FOIA FAQs

Get basic information on the Freedom of Information Act.

What is the Freedom of Information (FOIA)?

A Federal law that establishes the public's right to request existing records from Federal Government agencies. Some records may be withheld or partially withheld if the information falls under one, or more, of nine FOIA exemptions (link).

Who can file a FOIA request?

Any "person" can file a FOIA request, including U.S. citizens, foreign nationals, organizations, universities, businesses, and state and local governments.

What type of information can be requested?

A FOIA request can be made for any agency record. Agencies are not required to create new records or to conduct research, analyze data, or answer questions when responding to requests.

How do I file a FOIA request with the Peace Corps?

A request must be made in writing, using only one of the following methods:

  • Online FOIA Request: Submit or Review a Request
  • Email: FOIA@peacecorps.gov
  • Regular Mail
    Peace Corps
    FOIA Officer
    Office of Management
    1111 20th St. NW
    Washington, DC 20526
  • Facsimile: 202.692.1385

Include your telephone number and email address and state your willingness to pay applicable fees. Or, if you seek a fee waiver, provide a justification for such a waiver.

Important: Describe the specific records you are requesting in enough detail so that they can be located with a reasonable amount of effort. Generally, a record is reasonably described when the description contains sufficient file-related information (type of document, title, subject area, date of creation, originator, etc.); or the request contains enough event-related information (date and circumstances surrounding the event the record covers). to permit the conduct of an organized, non-random search. See Appendix A for a sample FOIA request letter .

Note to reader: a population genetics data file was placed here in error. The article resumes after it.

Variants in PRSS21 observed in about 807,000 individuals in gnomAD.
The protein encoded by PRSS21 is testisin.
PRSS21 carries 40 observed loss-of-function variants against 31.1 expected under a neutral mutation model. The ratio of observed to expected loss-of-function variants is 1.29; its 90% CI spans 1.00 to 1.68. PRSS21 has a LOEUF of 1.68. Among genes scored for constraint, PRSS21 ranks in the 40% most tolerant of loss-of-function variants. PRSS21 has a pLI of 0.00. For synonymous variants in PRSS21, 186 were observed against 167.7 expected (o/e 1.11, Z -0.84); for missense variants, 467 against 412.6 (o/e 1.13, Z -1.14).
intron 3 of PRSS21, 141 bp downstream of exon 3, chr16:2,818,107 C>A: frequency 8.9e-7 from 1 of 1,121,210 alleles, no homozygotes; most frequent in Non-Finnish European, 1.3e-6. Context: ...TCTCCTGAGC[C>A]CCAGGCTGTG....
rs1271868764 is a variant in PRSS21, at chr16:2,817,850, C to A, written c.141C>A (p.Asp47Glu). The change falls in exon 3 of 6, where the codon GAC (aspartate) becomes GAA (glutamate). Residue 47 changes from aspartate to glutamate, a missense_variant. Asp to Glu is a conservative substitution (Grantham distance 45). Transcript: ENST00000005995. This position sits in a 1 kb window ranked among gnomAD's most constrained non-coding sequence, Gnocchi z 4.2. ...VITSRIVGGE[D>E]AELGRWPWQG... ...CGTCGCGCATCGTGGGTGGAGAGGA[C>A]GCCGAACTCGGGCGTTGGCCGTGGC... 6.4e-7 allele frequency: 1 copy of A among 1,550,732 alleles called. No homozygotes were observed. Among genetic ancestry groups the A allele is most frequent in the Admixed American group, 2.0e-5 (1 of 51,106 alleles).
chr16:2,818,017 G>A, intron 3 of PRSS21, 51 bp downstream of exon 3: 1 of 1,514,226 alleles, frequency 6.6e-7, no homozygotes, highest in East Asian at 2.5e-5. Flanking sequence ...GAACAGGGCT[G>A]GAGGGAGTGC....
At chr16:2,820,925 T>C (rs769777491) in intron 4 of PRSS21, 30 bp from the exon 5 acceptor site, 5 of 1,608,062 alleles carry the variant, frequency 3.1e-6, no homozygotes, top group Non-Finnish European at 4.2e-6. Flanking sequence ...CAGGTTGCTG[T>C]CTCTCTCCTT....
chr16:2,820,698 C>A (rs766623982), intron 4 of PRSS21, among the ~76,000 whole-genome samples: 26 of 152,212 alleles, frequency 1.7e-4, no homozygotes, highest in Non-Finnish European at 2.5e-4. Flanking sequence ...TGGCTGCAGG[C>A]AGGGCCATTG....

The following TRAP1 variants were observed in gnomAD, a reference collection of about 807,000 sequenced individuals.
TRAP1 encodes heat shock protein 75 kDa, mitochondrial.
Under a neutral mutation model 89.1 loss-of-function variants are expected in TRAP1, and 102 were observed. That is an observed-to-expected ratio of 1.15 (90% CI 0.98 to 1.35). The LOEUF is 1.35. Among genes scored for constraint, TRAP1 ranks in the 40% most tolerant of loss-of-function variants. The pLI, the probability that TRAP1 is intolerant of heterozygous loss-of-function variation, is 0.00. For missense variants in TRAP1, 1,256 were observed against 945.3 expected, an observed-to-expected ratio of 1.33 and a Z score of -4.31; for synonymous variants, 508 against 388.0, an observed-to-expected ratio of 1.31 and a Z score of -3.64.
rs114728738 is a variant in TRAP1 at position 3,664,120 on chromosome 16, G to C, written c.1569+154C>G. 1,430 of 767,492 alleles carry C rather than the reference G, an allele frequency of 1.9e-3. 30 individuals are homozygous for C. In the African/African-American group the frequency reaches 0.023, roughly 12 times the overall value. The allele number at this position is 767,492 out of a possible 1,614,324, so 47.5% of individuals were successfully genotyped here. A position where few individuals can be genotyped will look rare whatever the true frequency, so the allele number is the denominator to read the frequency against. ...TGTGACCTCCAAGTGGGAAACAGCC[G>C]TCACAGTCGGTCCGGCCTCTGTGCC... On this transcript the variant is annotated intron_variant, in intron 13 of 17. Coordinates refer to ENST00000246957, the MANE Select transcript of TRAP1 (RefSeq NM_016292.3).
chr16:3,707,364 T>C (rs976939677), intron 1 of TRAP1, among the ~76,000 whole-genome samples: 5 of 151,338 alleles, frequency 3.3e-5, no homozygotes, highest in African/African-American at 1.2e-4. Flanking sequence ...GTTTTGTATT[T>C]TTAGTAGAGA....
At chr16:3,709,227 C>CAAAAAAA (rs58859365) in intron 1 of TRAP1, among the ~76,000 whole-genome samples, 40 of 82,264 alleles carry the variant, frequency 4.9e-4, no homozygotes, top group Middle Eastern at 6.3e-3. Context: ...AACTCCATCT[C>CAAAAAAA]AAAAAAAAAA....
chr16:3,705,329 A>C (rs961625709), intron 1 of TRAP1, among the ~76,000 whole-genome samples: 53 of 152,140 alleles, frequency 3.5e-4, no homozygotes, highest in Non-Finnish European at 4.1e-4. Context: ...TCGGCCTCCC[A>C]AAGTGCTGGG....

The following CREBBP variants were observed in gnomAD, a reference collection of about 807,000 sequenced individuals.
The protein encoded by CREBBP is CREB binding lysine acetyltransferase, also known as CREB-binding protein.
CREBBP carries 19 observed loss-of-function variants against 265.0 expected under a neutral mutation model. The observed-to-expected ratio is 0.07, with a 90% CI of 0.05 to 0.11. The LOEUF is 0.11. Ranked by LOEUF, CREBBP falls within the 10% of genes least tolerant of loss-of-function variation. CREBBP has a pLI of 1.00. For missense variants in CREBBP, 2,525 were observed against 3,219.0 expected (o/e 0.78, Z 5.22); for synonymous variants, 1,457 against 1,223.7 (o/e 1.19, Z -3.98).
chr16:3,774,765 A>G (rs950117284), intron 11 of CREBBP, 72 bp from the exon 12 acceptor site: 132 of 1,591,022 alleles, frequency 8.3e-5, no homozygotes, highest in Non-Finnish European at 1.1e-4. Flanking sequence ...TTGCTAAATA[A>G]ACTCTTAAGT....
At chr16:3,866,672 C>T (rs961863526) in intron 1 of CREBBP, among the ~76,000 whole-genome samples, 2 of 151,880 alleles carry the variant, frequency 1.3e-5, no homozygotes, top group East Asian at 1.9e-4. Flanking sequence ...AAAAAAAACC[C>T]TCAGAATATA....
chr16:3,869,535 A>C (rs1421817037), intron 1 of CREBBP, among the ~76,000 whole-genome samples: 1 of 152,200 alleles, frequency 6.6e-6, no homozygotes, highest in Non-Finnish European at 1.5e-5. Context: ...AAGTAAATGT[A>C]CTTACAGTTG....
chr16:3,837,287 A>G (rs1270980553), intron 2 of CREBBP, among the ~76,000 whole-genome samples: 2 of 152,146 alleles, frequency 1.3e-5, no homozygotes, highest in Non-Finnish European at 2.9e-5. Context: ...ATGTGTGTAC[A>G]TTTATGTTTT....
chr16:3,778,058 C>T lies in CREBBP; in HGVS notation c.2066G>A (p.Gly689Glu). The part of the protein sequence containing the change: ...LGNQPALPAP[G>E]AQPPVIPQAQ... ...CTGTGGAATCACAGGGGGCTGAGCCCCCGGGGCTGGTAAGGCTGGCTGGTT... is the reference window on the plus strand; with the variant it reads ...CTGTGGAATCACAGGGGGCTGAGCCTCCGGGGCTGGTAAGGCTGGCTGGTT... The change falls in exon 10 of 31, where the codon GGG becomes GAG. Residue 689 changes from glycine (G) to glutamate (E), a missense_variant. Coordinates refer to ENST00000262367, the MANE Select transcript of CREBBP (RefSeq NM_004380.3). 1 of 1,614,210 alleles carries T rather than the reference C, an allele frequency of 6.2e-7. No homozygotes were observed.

Do I have to pay for a FOIA request? 

There is no initial fee required to submit a FOIA request, but the FOIA does provide for the charging of certain types of fees in some instances. The Peace Corps will assume that requesters agree to pay all charges for services associated with their requests up to $25 unless otherwise indicated by the requester. Fees are based on the amount of time it takes to process a request, the number of pages provided, and a requester's fee category (educational, news media, commercial, or other).

  • Commercial requesters are charged fees for search time, review time, and duplication costs.
  • Educational and news media requesters are charged for duplication costs in excess of 100 pages.
  • Other requesters are charged fees for search time in excess of two hours and duplication costs in excess of 100 pages.

Can a FOIA request fee be waived? 

Any requester may ask for a fee waiver. Fees will be waived or reduced below established fee rates if disclosure of the information is in the public interest because it is likely to contribute significantly to public understanding of the operations or activities of the Peace Corps or Federal government and is not primarily in the commercial interest of the requester.

Are all records releasable under FOIA? 

Yes. In the event a request for any records or information is made which is denied by the Peace Corps, the requester will be advised of the basis for the denial.